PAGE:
According to the latest quarterly monitoring report from The Kings Find, increasing deficits, worsening performance and declining staff morale leave the NHS facing its biggest challenges for many years.
The Kings Fund reports that certain hospitals and other NHS providers in England overspent their budgets in 2014/15 by more than £800 million, and two thirds of hospitals are concerned about staying within budget over the next year. 40 per cent of finance leads from clinical commissioning groups are also concerned about whether the NHS will be able to balance the books in 2015/16.
Other key findings from this report include:
- For the third consecutive quarter, staff morale tops the list of concerns raised by trust finance directors
- fewer than half (45 per cent) of trusts feel confident that they will achieve the productivity targets for 2015/16
- 90 per cent of trust financial directors and 85 per cent of commissioners are concerned about the financial state of their local health economies
- There is a mismatch in expectations about demand for services between providers and commissioners; for example, 80 per cent of trusts expect emergency admissions to rise this year, while 60 per cent of CCGs expect them to fall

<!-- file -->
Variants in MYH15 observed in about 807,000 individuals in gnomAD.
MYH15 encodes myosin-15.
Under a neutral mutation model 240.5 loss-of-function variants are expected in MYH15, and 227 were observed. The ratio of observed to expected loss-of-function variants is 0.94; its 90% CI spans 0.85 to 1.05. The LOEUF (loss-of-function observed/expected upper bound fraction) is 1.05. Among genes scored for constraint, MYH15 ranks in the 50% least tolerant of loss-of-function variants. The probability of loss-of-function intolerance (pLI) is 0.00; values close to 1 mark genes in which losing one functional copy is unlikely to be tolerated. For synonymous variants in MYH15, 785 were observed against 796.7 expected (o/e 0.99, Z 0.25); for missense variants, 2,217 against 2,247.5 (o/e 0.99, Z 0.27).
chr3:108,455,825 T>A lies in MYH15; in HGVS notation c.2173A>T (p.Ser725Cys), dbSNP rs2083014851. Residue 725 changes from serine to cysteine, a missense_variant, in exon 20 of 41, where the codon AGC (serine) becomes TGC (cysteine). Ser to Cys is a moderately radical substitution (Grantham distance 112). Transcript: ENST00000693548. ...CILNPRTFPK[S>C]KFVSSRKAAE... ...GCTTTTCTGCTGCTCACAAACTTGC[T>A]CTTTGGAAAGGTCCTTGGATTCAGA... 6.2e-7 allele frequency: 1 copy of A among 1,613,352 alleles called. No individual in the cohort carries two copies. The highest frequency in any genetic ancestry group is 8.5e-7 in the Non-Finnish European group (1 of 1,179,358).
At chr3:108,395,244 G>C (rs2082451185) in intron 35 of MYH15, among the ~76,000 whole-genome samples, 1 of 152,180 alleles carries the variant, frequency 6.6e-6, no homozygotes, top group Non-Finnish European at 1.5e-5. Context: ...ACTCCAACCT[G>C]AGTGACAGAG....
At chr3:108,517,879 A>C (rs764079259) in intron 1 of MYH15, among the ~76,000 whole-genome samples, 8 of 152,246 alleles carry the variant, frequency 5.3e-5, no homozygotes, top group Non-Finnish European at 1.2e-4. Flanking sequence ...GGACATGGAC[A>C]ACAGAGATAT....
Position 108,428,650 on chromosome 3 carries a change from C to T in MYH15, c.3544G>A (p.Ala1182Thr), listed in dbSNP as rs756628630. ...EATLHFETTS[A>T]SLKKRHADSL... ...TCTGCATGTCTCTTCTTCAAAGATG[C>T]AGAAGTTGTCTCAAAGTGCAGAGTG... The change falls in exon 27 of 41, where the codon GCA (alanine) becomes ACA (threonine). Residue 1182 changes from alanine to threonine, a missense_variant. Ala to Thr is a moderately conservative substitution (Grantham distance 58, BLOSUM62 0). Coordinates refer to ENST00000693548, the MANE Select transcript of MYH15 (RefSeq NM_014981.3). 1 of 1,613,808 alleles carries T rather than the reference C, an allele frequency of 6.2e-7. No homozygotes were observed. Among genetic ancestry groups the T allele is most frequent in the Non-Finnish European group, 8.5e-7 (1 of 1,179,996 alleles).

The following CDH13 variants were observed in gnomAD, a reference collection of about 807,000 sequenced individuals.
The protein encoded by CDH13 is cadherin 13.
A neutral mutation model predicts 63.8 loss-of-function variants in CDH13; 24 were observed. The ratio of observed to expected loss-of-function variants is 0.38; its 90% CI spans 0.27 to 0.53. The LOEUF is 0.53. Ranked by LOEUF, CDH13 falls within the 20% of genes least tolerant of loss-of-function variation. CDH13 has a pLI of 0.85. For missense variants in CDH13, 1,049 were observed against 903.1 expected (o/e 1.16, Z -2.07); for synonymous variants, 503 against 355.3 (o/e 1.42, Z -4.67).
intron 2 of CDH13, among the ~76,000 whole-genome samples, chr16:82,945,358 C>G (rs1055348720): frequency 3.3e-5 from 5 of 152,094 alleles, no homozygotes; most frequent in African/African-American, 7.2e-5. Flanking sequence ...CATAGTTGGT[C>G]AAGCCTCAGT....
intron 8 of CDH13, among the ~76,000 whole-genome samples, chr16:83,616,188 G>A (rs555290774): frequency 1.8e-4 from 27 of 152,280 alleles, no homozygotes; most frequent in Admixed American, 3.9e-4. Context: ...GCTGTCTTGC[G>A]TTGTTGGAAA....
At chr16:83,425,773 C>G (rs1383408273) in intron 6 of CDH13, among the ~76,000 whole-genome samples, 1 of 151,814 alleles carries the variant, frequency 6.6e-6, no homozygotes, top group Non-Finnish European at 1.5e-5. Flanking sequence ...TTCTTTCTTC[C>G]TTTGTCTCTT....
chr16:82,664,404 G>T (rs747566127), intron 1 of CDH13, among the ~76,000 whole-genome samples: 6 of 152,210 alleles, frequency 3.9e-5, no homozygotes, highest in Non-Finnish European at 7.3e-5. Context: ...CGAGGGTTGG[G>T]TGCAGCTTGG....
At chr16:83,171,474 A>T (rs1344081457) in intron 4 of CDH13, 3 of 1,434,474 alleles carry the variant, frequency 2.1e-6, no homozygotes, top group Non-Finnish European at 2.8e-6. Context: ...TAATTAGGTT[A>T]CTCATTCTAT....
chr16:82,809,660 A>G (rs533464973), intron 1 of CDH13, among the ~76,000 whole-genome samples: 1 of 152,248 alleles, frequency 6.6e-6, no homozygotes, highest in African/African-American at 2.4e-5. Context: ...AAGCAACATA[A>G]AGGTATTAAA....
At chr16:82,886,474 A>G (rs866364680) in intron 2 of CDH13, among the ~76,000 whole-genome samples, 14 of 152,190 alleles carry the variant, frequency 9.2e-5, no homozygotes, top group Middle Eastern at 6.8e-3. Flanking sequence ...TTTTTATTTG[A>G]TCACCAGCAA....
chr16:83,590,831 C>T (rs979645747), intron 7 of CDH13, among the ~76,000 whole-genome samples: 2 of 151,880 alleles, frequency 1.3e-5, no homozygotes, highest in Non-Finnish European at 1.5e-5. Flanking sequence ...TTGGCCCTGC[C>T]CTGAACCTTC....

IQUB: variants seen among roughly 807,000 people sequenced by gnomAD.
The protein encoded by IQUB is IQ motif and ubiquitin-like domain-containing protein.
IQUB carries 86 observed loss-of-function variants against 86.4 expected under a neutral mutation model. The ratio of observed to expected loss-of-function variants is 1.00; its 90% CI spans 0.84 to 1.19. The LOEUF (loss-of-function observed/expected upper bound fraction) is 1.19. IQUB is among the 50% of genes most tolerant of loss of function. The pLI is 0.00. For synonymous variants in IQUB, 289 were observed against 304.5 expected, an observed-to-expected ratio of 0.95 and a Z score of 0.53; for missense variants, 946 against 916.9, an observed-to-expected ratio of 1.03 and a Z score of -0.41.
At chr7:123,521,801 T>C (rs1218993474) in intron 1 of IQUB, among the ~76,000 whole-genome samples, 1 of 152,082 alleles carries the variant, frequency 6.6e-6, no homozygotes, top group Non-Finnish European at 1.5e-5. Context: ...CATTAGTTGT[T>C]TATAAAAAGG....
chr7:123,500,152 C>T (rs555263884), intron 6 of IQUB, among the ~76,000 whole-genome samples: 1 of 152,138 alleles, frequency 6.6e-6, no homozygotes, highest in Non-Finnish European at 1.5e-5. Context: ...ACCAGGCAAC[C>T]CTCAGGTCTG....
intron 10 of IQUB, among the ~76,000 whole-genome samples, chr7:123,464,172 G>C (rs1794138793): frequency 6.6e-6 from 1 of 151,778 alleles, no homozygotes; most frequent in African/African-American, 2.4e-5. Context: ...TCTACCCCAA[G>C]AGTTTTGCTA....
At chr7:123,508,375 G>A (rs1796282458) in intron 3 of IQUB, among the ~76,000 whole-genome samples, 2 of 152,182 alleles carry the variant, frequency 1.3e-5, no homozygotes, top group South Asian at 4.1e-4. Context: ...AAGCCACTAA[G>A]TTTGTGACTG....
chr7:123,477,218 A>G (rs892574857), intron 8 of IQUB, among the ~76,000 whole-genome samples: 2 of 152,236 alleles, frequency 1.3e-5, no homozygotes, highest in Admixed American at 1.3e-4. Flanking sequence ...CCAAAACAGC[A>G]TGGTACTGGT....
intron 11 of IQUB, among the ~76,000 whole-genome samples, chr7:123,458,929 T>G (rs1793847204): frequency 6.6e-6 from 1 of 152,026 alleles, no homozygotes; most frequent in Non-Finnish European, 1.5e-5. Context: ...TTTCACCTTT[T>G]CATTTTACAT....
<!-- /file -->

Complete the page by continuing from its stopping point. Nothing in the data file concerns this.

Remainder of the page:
- Around three quarters (75 per cent) of trusts and two thirds (68 per cent) of CCGs think there is a high or very high risk of failing to achieve the productivity gains over the next five years outlined by the NHS five year forward view.
George McNamara, Head of Policy and Public Affairs at Alzheimer’s Society said:
‘This is a massive wake-up call. We cannot avoid the fact that the finances of the NHS need urgent attention.
‘The persistent failure to recognise the funding link between health and social care has ultimately compounded this situation resulting in a false economy. Care and support in the community has been limited or withdrawn putting additional pressures on the NHS. This situation will only get worse unless we once and for all grasp the nettle and put both health and social care on a long-term sustainable footing.’